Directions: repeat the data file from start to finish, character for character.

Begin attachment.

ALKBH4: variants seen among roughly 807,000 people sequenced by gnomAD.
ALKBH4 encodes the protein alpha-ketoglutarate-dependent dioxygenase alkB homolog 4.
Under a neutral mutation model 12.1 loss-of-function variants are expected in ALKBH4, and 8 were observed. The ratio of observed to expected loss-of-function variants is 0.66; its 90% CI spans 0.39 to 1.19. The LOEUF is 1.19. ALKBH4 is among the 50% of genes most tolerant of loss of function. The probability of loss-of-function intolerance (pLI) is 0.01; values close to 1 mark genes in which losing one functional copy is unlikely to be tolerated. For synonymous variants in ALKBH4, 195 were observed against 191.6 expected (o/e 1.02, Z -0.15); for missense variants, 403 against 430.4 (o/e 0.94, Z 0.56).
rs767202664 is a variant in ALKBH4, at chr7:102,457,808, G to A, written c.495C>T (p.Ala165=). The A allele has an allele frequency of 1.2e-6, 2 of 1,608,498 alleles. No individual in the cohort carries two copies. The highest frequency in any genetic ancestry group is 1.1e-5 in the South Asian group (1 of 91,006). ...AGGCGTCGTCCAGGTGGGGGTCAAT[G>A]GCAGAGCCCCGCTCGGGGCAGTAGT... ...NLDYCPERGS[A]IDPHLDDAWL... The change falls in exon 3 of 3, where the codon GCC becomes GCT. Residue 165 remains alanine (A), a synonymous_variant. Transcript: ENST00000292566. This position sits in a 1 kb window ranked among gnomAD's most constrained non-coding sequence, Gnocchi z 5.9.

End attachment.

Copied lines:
ALKBH4: variants seen among roughly 807,000 people sequenced by gnomAD.
ALKBH4 encodes the protein alpha-ketoglutarate-dependent dioxygenase alkB homolog 4.
Under a neutral mutation model 12.1 loss-of-function variants are expected in ALKBH4, and 8 were observed. The ratio of observed to expected loss-of-function variants is 0.66; its 90% CI spans 0.39 to 1.19. The LOEUF is 1.19. ALKBH4 is among the 50% of genes most tolerant of loss of function. The probability of loss-of-function intolerance (pLI) is 0.01; values close to 1 mark genes in which losing one functional copy is unlikely to be tolerated. For synonymous variants in ALKBH4, 195 were observed against 191.6 expected (o/e 1.02, Z -0.15); for missense variants, 403 against 430.4 (o/e 0.94, Z 0.56).
rs767202664 is a variant in ALKBH4, at chr7:102,457,808, G to A, written c.495C>T (p.Ala165=). The A allele has an allele frequency of 1.2e-6, 2 of 1,608,498 alleles. No individual in the cohort carries two copies. The highest frequency in any genetic ancestry group is 1.1e-5 in the South Asian group (1 of 91,006). ...AGGCGTCGTCCAGGTGGGGGTCAAT[G>A]GCAGAGCCCCGCTCGGGGCAGTAGT... ...NLDYCPERGS[A]IDPHLDDAWL... The change falls in exon 3 of 3, where the codon GCC becomes GCT. Residue 165 remains alanine (A), a synonymous_variant. Transcript: ENST00000292566. This position sits in a 1 kb window ranked among gnomAD's most constrained non-coding sequence, Gnocchi z 5.9.